This sidrah contains more mitzvot than any other: 74 – although depending whose list you use could also give 73 or 72—of the 613. It’s a miscellany of laws, and we’re hard put to find any sort of logical progression, although the majority could be classified in the civil and domestic life category. They are as different as the treatment of female prisoners of war, the inheritance problems of polygamy, the stubborn and rebellious son, restoration of lost property, transvestites and the treatment of mother birds—and that only takes us to sh’lishi!
Let’s just look at that latter one. It’s a strange one; why does the Torah even consider the circumstances? “If, along the road, you chance upon a bird’s nest, in any tree or on the ground, with fledglings or eggs and the mother sitting over the fledglings or on the eggs, do not take the mother together with her young. Let the mother go and take only the young, in order that you may fare well and have a long life” (Deut. 22:6–7). The majority of commentators take this as an example of the Torah’s characteristic concern for the feelings and needs of animals. Maimonides wrote, “If the mother is let go or escapes of her own accord she will not be pained by seeing that the young are taken away. In most cases this will lead to people leaving everything alone, for what may be taken is in most cases not fit to be eaten.” What I think he’s saying is that actually people don’t really want the young, they want the mother bird; but that would leave the young vulnerable and that’s why the mother bird is forbidden in those circumstances. Nachmanides, by contrast, argued that the purpose of the command was not regard for animals as such, but rather to educate human being in kindness.
But neither answers the question I have: why carrying out this mitzvah should deserve the reward of long life. The only other command for which this is the reward is honouring parents. Clearly, there seems a connection in terms of there being two generations involved, but surely that of itself is a little tenuous. The message perhaps is that for looking after one generation, the next will prosper, but the relativity of these two mitzvot seems too disparate.
Midrash is always a good source for answers to difficult questions. D’varim Rabbah tells a story, an analogy. ‘A king hired labourers and brought them into his garden without disclosing what he intended to pay for the various kinds of work, lest they should neglect the work for which the pay was little for work for which the pay was high. In the evening the king called each one and asked: “At which tree have you worked?” The first replied: “At this one.” Thereupon the king said to him: “This is a pepper tree and the pay for working at it is one golden piece.” He then called another and asked him: “At which tree have you worked?” And he replied “At this one.” Whereupon the king exclaimed: “This is an olive tree and the pay for working at it is 200 zuz.” Said the labourers to the king: “You should have informed us from the outset which tree had the greater pay attached to it, so that we might have worked at it.” The king replied: “Had I done this, how would the whole of my garden have been worked?”’ So God did not reveal the reward of the precepts, except of two, the weightiest and the least weighty. The honoring of parents is the very weightiest . . . and the sending away of the mother bird is the least weighty (D’varim Rabbah 6:2).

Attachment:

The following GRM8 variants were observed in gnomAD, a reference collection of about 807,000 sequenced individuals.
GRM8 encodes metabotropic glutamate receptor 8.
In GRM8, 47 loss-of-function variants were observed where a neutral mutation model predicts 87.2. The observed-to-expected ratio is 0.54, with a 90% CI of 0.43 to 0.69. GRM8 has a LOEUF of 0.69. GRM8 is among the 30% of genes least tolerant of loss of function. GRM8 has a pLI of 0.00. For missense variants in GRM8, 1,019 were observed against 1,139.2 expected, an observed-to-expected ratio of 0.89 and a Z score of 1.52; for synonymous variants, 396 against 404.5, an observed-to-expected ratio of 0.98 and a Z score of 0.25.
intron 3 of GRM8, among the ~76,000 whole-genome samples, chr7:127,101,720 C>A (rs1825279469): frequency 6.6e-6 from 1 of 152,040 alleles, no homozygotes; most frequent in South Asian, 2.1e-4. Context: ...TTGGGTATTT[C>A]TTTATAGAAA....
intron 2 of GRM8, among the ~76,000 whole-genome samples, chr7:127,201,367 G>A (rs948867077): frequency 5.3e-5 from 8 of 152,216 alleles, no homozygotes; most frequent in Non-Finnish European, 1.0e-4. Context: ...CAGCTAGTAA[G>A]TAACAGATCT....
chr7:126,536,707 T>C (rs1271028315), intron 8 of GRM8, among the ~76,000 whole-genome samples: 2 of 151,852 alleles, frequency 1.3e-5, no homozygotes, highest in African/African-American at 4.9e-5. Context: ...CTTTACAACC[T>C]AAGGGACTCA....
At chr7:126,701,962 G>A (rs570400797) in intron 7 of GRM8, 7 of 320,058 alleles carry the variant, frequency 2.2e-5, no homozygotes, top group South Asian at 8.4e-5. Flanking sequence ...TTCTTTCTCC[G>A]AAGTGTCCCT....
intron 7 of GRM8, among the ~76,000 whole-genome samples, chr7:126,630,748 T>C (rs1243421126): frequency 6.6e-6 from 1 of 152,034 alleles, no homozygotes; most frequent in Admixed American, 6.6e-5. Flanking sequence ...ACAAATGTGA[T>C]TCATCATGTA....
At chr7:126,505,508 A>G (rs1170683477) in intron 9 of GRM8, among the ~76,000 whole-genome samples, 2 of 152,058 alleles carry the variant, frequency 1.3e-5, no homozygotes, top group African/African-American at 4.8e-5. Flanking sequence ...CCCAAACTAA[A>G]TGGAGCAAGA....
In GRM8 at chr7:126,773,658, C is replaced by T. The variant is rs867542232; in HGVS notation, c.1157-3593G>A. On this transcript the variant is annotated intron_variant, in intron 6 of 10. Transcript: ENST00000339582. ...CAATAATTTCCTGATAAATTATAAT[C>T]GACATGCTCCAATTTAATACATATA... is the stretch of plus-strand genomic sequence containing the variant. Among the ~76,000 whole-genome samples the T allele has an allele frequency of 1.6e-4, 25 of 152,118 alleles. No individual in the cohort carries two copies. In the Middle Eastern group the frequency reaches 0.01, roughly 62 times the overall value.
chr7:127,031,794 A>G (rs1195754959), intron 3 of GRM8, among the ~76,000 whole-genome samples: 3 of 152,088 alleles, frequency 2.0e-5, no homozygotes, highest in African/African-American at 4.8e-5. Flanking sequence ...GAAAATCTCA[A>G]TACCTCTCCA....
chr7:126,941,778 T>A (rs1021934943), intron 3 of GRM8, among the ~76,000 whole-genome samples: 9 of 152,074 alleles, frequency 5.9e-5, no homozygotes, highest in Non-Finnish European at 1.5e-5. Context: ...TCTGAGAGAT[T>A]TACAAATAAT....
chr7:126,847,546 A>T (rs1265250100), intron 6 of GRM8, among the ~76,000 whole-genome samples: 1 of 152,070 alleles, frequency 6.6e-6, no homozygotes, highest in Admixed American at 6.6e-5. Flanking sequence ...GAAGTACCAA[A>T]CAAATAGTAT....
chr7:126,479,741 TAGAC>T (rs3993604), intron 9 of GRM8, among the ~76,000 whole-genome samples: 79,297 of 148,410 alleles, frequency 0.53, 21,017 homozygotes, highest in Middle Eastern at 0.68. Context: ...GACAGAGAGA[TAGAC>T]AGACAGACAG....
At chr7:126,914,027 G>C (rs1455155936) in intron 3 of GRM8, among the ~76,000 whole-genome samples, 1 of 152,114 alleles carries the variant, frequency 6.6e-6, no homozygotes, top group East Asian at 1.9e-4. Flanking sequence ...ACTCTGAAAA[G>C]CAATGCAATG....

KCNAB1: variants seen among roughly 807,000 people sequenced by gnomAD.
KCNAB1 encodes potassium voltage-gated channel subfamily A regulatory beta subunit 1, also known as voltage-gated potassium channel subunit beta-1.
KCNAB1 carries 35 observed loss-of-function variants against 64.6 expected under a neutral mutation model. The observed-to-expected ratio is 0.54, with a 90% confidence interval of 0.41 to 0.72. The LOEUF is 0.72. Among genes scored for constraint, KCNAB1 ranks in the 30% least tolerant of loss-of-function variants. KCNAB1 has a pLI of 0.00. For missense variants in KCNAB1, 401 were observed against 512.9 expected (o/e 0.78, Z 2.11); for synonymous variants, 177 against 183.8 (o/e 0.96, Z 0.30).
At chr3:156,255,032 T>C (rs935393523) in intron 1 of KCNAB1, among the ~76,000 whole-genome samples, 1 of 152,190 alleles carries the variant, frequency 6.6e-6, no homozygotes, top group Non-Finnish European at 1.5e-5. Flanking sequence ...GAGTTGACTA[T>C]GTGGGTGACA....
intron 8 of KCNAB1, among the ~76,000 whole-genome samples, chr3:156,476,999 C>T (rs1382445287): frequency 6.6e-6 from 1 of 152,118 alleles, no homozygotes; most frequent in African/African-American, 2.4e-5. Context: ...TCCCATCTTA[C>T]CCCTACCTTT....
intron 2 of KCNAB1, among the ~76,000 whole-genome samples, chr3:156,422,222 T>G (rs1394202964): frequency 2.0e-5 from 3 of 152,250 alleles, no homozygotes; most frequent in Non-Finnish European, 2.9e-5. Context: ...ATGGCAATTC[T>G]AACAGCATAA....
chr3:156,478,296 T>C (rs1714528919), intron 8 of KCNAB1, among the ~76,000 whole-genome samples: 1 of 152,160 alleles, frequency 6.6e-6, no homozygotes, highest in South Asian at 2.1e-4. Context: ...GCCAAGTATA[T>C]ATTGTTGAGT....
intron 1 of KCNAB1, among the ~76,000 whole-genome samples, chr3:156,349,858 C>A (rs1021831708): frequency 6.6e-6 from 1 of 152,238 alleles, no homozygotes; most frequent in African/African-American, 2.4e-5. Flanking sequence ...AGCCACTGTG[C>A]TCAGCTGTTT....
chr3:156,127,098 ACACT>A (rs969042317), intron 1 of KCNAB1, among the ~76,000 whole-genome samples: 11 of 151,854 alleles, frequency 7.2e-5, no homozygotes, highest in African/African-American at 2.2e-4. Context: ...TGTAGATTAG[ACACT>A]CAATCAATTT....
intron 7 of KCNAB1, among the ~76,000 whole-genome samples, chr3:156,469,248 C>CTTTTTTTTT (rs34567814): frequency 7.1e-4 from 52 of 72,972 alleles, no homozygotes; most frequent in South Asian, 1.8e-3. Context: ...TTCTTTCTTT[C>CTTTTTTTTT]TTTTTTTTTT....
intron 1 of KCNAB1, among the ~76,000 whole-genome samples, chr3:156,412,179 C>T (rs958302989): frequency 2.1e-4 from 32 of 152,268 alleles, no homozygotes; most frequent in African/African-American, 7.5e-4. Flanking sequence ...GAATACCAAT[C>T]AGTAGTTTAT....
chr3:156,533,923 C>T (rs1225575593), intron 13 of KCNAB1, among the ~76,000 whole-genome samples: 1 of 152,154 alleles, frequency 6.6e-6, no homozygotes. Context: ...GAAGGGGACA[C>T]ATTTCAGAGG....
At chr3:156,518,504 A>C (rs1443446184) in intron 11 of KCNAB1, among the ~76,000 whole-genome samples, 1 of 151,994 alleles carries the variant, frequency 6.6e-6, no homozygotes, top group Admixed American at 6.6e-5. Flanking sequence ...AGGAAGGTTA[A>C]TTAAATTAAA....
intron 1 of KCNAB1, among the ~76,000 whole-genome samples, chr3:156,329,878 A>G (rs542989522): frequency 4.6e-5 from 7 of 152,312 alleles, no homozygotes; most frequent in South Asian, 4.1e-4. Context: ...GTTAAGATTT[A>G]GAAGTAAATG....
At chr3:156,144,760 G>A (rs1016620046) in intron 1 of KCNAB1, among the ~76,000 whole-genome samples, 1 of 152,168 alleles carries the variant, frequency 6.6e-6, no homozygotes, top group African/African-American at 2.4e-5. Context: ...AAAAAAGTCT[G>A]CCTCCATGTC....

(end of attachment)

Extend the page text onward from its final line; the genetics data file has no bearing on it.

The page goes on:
But how can the reward be the same for both the weightiest and the least weighty of the mitzvot? The only suggestion I can make is that this is actually the reward for fulfilling each of the commands. Rashi comments, “The Torah promises long life to those who observe this mitzvah, which is easy to fulfill in that it demands no effort or sacrifice. How much more so, by implication, does the promise extend to those who do difficult mitzvot.”
The Talmud tells of how a young lad, at his father’s request, had approached a bird’s nest and in strict accordance with the Torah law had chased away the mother bird before taking her offspring. But instead of being rewarded by long life, the boy fell as he climbed down from the tree and was killed. Now here was a case of the boy following God’s laws of honouring his father and driving away the mother bird. Surely he was doubly entitled to a long life, yet it was snuffed out immediately. Watching this happen was a second century rabbi, Elisha ben Abuyah; as a result of this incident he denied that God ruled with justice and he defected from Judaism. The rabbis gave him the title Acher, ‘the other one’, whenever they referred to him.
So was Elisha right? On the face of it, it’s very difficult to argue with him. He was reportedly there, seeing the whole episode. Rabbi Gunther Plaut, in his commentary wrote, ‘Through the story of Acher, the command concerning the bird’s nest became a focal point of discussions on biblical theology. It may be doubted that the reward here held out was ever meant to be taken literally; rather, from the beginning, it was primarily hortatory: Do as God says, and He will reward you in His way. But there was no doubt that a reward was to be expected for an observant individual or for Israel as a people. The specifics might be unclear or temporarily unobservable, but biblical faith was unyielding in its assertion that human deeds were subject to divine judgment and its consequences.’ A more traditional response would be that of Rabbi Akiva, ‘It refers to the Life to Come, the Olam Haba, where all goes well and all is abiding.’ However, as Reform Jews, we know that we don’t do God’s mitzvot because of the reward they might offer, rather because they are the right way to act.
Rabbi Maurice Michaels
The views expressed in this D’var Torah do not necessarily reflect the position of Leo Baeck College.